After a summer filled with travel, teaching, fun and family visits (and the day job, of course), I’ve finally the time to get back to work on the guest bathroom. I vow it will be completely done by November 9 – one year to the day I picked up my sledge hammer and started swinging at the walls.
Today, I sanded down the raised grain and fuzzy patches left by dip-stripping the original trim I’d unearthed in the garage, then I got out the paint and brush. Why, you might ask, did I bother to have it stripped just to again paint it? There were enough layers of (probably lead-based) paint to obscure the details. Plus, I figured the chemicals would kill any wee beasties hiding inside.
At work, I’ve already moulded (by router) the ogee edges of the two stools (the decorative piece that goes atop the sill to butt up to the window’s lower rail); this week, I’ll pull out the moulding planes to replicate the fairly fancy trim that wraps the top of the aprons (the bit that goes under the stool) to match those in the rest of the house, and to shape the aprons’ bottom edges. (Easier, cheaper and more efficient to use the hand tools I already have than to try to find (and buy) the necessary router bits.)
Before I can install the trim, however, I have to get creative to overcome some remuddling. The bathroom walls have 1/8″ drywall (yes – 1/8″; no wonder the walls are curvaceous) over the plaster, and it stops a couple inches short of the window casing. As a result, the wall protrudes 1/8″ farther than the casing to which the trim must be nailed. That will cause problems a) with the trim sitting level to the wall, and b) with properly installing the window stops (oh yeah…gotta make those, too). So, I have to run about 37′ of 1/8″ x 2″ (or so) of something to install flush to the casing before I can install the trim. And I’ll have to scrape the casing first, to boot.
The biggest challenge by far, though (with the plumbing now out of the way) will be the base moulding. It’s an 8-1/2″-wide multi-part undulating design that’s going to be a pain in the keister to make – so once I decide how I’m going to do it and get the tooling dialed in, I’ll run scores extra feet thereof for places in the house where it’s missing, and for the kitchen remodel to come. (After a year of haunting architectural salvage stores and sites, it has become painfully clear the only way forward is to sneck up and make it.)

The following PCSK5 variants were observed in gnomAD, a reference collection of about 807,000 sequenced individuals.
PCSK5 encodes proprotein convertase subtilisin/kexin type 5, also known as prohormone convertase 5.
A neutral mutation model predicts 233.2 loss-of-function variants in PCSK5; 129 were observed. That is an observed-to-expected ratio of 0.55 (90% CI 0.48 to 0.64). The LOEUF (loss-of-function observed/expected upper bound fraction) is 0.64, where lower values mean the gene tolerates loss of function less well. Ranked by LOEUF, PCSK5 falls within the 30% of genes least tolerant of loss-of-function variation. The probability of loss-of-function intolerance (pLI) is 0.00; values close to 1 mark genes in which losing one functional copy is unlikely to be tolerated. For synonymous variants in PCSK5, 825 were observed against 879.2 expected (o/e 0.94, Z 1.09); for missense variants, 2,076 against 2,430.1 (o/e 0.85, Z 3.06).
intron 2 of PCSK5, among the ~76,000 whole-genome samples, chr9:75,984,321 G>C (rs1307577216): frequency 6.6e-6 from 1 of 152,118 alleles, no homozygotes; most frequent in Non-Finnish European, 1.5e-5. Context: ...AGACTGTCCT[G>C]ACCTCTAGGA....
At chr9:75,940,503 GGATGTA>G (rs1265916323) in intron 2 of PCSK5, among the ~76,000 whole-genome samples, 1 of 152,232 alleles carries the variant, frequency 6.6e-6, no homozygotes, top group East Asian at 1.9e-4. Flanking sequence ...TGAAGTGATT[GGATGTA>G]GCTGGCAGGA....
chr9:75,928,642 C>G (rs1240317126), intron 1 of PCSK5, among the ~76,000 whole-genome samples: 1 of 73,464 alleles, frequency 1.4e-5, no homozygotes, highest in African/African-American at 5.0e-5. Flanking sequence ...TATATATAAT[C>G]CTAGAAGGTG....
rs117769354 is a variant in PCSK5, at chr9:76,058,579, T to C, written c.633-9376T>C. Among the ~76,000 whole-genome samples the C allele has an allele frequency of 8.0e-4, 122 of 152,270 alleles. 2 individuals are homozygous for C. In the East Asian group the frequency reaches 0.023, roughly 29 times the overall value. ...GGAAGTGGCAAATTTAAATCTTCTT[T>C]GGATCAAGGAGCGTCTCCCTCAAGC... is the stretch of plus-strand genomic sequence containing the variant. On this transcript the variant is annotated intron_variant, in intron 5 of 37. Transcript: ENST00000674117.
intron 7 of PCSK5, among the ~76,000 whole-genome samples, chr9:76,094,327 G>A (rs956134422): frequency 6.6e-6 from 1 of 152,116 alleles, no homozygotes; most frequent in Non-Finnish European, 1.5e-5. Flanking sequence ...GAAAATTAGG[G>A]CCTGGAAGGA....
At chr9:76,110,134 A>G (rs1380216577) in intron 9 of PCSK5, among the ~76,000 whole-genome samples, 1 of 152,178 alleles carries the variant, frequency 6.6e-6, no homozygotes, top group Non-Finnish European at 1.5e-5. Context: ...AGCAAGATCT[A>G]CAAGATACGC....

But tomorrow, my plumber is coming to put in the sink shut-off valves and drain – so I’ll finally, after one year, once again have a full suite of working bathroom fixtures in one room! Plus, he’s going to install the mixing valve and run the pipe beyond it for the shower head in my walk-in shower – so I’ll finally be able to move forward with that project as well!
And by now the first coat of paint is probably dry. Time for coat two.
Hi Megan! I recently ran into similar issues with drywall and other materials not quite lining up with door and window casings. What I did was routed an 1/8″ or however deep relief in the back of the trim piece. I am not sure if this is a viable solution for you, but it saved me from having to build anything out in order to make it look right. Good Luck!
Glad you are closing in on it.
Good on you Megan. I think I’ve mentioned it before but I wonder if Hyde Park Lumber has something close you can modify for any of the mouldings. Justin’s suggestion on the 1/8″ drywall makes sense as well assuming it meets your needs. Looking forward to the next update.
HPL has nothing close – I checked! BUT Art Woodworking, just down the street from me (I’ve posted pictures of their massive knife collection on IG) might have the right cutters (they’ve been providing custom trimwork etc for 90 years). The only holdup on finding out is my being able to go there when it’s open!
Cool! Good luck. That would save lots of time depending on how many feet you need to run.
Ummm… Looks an awful lot like WM – 8416 base cap to me…
Sadly, to me it doesn’t look much like it at all.